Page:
Authors: Allen J, Bradley RD

PMID: 21875351 PMCID: PMC3162377 DOI: 10.1089/acm.2010.0716


Background: The tripeptide glutathione (GSH) is the most abundant free radical scavenger synthesized endogenously in humans. Increasing mechanistic, clinical, and epidemiological evidence demonstrates that GSH status is significant in acute and chronic diseases. Despite ease of delivery, little controlled clinical research data exist evaluating the effects of oral GSH supplementation.

Objectives: The study objectives were to determine the effect of oral GSH supplementation on biomarkers of systemic oxidative stress in human volunteers.

Design: This was a randomized, double-blind, placebo-controlled clinical trial.

Setting/location: The study was conducted at Bastyr University Research Institute, Kenmore, WA and the Bastyr Center for Natural Health, Seattle, WA.

Subjects: Forty (40) adult volunteers without acute or chronic disease participated in this study.

Intervention: Oral GSH supplementation (500 mg twice daily) was given to the volunteers for 4 weeks.

Outcome measures: Primary outcome measures included change in creatinine-standardized, urinary F2-isoprostanes (F2-isoP) and urinary 8-hydroxy-2′-deoxyguanosine (8-OHdG). Changes in erythrocyte GSH concentrations, including total reduced glutathione (GSH), oxidized glutathione (GSSG), and their ratio (GSH:GSSG) were also measured by tandem liquid chromatography/mass spectrometry. Analysis of variance was used to evaluate differences between groups.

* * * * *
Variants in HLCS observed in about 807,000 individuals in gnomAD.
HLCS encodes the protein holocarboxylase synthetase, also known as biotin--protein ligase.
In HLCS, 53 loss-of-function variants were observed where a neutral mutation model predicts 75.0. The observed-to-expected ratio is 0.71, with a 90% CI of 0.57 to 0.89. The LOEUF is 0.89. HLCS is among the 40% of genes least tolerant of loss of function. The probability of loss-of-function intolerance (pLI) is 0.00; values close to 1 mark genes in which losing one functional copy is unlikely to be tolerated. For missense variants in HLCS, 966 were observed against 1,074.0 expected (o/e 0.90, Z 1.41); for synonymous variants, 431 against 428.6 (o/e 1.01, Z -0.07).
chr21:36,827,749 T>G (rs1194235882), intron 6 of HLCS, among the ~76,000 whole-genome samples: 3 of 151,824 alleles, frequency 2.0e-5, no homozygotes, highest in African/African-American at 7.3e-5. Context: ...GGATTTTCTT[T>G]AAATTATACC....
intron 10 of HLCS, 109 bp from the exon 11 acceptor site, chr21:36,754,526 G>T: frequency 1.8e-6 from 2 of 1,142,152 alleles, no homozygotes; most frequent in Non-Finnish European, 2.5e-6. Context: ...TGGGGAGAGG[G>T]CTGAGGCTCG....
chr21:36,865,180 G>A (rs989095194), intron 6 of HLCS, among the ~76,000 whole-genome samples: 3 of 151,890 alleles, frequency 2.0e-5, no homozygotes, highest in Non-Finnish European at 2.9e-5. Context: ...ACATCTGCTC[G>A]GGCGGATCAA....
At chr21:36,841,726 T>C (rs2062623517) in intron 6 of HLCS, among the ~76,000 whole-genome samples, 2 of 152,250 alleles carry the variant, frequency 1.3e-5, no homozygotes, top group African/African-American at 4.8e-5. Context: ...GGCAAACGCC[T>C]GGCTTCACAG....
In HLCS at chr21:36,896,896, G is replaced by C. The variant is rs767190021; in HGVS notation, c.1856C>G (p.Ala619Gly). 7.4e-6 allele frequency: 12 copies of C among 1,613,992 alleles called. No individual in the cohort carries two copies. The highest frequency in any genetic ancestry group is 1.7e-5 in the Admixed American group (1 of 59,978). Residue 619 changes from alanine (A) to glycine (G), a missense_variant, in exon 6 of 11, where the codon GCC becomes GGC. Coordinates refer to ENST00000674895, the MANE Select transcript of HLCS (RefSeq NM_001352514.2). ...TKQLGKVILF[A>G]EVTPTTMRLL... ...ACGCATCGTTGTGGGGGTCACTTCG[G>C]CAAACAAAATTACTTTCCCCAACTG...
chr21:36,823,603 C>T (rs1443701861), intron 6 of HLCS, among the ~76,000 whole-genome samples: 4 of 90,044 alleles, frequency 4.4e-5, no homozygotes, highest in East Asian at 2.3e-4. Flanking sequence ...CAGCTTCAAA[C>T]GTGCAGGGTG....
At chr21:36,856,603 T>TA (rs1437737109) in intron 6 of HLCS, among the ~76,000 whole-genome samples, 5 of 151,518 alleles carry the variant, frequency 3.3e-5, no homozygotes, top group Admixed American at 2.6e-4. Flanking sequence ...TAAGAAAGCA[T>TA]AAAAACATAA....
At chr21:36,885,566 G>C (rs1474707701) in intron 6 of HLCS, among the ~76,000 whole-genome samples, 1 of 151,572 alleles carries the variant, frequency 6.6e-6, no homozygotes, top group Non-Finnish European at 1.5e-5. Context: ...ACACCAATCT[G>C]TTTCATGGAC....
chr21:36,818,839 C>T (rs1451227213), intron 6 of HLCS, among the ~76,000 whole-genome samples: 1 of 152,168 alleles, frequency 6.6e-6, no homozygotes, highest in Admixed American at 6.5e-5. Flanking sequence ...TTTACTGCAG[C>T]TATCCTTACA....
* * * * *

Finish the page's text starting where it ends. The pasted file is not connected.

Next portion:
Results: There were no differences in oxidative stress biomarkers between treatment groups at baseline. Thirty-nine (39) participants completed the study per protocol. Changes in creatinine standardized F2-isoP (ng/mg creatinine) (0.0±0.1 versus 0.0±0.1, p=0.38) and 8-OHdG (μg/g creatinine) (-0.2±3.3 versus 1.0±3.2, p=0.27) were nonsignificant between groups at week 4. Total reduced, oxidized, and ratio measures of GSH status were also unchanged.

Conclusions: No significant changes were observed in biomarkers of oxidative stress, including glutathione status, in this clinical trial of oral glutathione supplementation in healthy adults.

Keywords: oral glutathione, oxidative stress